10 DOTS / Noon / CON 221

19 Professional Development Series: Authorship and getting published / Noon / CON 202

15 Martin Luther King, Jr. Day / CON closed 16 Professional Development Series: Promotions: How do I make that happen? / Noon / CON 202 19 Brainstorming for Educational Research / Noon / CON 513 29 Faculty & Staff Assembly / 1 pm / CON 202

19 Faculty & Staff Assembly / 1 pm / CON 202 23 CON Alumni Awards / 6:30 pm / SC Aquarium 23 135th Anniversary Gala / 7 pm / SC Aquarium


P4 / JANUARY 2018



pi: Gigi M. Smith, PhD, APRN, CPNP-PC

pi: Kathy VanRavenstein, PhD, FNP-BC, APRN

project period: Jan. 1, 2018 – Dec. 31, 2020


sponsor: The Duke Endowment amount: $465,000

title: Enhanced Screening, Brief Intervention, & Refer-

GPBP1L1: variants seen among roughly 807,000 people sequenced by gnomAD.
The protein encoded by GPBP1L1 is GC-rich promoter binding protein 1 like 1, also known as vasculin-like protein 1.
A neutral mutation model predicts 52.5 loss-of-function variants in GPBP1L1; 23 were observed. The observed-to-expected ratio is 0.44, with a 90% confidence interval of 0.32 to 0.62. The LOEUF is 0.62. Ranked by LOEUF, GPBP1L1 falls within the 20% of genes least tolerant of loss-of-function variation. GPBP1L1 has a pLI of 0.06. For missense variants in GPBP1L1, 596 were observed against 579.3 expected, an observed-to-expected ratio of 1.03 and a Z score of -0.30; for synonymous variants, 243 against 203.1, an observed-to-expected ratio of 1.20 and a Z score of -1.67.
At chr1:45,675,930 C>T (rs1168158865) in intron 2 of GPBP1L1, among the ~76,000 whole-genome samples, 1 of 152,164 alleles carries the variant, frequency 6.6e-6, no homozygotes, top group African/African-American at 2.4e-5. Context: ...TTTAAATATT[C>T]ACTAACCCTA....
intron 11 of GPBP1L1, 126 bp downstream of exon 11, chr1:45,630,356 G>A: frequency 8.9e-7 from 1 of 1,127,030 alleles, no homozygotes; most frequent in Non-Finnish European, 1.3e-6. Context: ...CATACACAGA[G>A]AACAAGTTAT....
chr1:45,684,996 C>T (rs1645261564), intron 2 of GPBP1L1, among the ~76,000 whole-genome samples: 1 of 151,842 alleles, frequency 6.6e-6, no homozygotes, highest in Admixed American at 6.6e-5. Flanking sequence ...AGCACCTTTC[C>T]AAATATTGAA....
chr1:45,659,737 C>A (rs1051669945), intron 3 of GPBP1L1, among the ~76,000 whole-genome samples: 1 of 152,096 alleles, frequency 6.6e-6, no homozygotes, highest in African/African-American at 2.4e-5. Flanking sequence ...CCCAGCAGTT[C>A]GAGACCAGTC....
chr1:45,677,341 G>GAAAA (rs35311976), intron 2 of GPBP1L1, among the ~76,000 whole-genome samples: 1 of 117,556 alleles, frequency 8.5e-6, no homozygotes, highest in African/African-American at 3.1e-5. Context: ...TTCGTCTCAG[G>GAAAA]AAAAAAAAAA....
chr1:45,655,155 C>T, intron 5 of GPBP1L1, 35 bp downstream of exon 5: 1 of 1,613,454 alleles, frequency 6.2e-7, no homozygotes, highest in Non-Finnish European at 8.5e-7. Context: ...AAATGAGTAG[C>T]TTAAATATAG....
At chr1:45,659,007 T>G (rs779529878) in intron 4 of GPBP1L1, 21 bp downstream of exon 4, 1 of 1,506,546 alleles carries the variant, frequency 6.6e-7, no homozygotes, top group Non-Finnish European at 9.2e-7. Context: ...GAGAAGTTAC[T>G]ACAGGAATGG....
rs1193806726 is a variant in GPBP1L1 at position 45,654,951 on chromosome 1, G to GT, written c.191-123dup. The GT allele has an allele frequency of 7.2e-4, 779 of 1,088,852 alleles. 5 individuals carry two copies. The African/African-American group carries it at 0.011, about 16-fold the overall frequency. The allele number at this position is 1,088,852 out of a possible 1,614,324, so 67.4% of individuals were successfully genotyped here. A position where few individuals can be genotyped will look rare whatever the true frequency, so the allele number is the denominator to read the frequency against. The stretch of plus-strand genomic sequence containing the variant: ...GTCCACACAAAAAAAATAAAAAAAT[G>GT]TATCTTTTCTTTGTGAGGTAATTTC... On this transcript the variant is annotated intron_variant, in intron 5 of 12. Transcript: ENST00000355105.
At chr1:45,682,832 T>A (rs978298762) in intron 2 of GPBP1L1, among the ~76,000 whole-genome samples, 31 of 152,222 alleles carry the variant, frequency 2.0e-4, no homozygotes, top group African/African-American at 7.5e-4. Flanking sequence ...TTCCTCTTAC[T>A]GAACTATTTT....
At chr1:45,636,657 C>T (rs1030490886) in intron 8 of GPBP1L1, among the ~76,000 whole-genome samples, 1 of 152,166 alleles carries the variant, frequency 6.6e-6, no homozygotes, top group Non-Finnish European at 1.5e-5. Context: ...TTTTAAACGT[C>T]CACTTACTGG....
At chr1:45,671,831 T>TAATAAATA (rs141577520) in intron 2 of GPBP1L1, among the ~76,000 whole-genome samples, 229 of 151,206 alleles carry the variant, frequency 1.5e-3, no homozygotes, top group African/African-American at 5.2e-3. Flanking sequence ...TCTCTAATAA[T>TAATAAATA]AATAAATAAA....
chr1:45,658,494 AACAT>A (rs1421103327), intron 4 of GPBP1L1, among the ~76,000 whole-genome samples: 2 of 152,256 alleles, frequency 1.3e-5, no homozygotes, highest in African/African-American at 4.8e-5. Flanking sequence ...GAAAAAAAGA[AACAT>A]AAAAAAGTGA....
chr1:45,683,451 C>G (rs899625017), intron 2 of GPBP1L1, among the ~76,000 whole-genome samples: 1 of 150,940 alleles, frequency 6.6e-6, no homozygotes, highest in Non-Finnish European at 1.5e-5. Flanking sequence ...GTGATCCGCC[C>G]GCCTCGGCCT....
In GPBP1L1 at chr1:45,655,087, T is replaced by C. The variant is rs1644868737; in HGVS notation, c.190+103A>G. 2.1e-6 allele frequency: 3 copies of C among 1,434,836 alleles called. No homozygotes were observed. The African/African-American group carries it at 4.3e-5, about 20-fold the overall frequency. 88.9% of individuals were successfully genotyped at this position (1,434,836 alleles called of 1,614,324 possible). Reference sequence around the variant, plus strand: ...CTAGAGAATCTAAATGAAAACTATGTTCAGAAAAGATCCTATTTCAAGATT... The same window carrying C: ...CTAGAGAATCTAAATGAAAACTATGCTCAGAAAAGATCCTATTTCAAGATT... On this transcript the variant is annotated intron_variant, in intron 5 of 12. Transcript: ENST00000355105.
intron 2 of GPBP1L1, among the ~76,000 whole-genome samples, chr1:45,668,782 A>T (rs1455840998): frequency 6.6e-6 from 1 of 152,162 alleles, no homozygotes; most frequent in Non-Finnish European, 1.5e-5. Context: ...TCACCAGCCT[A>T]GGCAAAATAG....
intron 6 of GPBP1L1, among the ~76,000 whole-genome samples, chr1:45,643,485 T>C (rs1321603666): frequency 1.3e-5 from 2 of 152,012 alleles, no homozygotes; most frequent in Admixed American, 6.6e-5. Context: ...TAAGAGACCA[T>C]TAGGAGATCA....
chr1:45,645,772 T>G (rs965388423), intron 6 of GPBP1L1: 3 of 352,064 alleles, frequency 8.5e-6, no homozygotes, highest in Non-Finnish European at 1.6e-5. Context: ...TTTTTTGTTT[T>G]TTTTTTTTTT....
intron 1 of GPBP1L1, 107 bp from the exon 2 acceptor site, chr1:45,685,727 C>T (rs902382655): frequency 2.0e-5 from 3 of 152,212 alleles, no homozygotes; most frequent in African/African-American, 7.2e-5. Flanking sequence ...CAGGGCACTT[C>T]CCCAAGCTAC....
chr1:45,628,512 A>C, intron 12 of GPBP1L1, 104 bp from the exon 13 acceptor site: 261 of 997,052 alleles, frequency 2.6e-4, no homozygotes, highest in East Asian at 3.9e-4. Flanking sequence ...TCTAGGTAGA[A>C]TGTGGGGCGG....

ral (SBIRT) Training Through Multi-Modal Medication Assisted Treatment Instruction summary: Integrate MAT (medication assisted treatment) education into the established MUSC SBIRT program over a three-year span for medical students, undergraduate and graduate nursing students, physician assistant students, dentistry students, as well as faculty and community preceptors to address substance misuse and abuse including the nationwide epidemic opioid crisis. background: In fall of 2016, the Substance Abuse and Mental Health Services Administration awarded a three year grant to Gigi Smith, PhD, project director, and the interprofessional team of Sarah Gainey, MSW; Joy Lauerer, DNP; Wendy Muzzy, MRA, MLIS; Chris Pelic, MD; and Alyssa Rheingold, PhD to improve and enhance the training of health professions students (undergraduate and graduate nursing students, and medical students) to provide competent screening, brief intervention and referral to treatment (SBIRT) for persons who have or are at-risk for substance use disorder (SUD). Since that time over 1,100 students and clinical faculty have been trained using the online modules and in-person skills training. Training workshops also have been provided in the community to several businesses and organizations including the College of Charleston and the Charleston County School District. With the knowledge that addiction problems are outpacing health care providers’ abilities to treat them and that there are large deficits in training and education programs for health care providers, the team applied to the Duke Endowment for a second grant to enhance the SBIRT training to include more specific opioid content, as well as multi-modal medication assisted treatment instruction to prepare MUSC health professions students to address this growing nationwide epidemic. This work will strengthen the primary care workforce, and improve statewide health outcomes and wellness in South Carolina. This team will include the addition of Keri Holmes-Maybank, MD, MSCR, to overlap with her Duke grant work to establish an intensive program for pain and opioid-free rehabilitation in SC.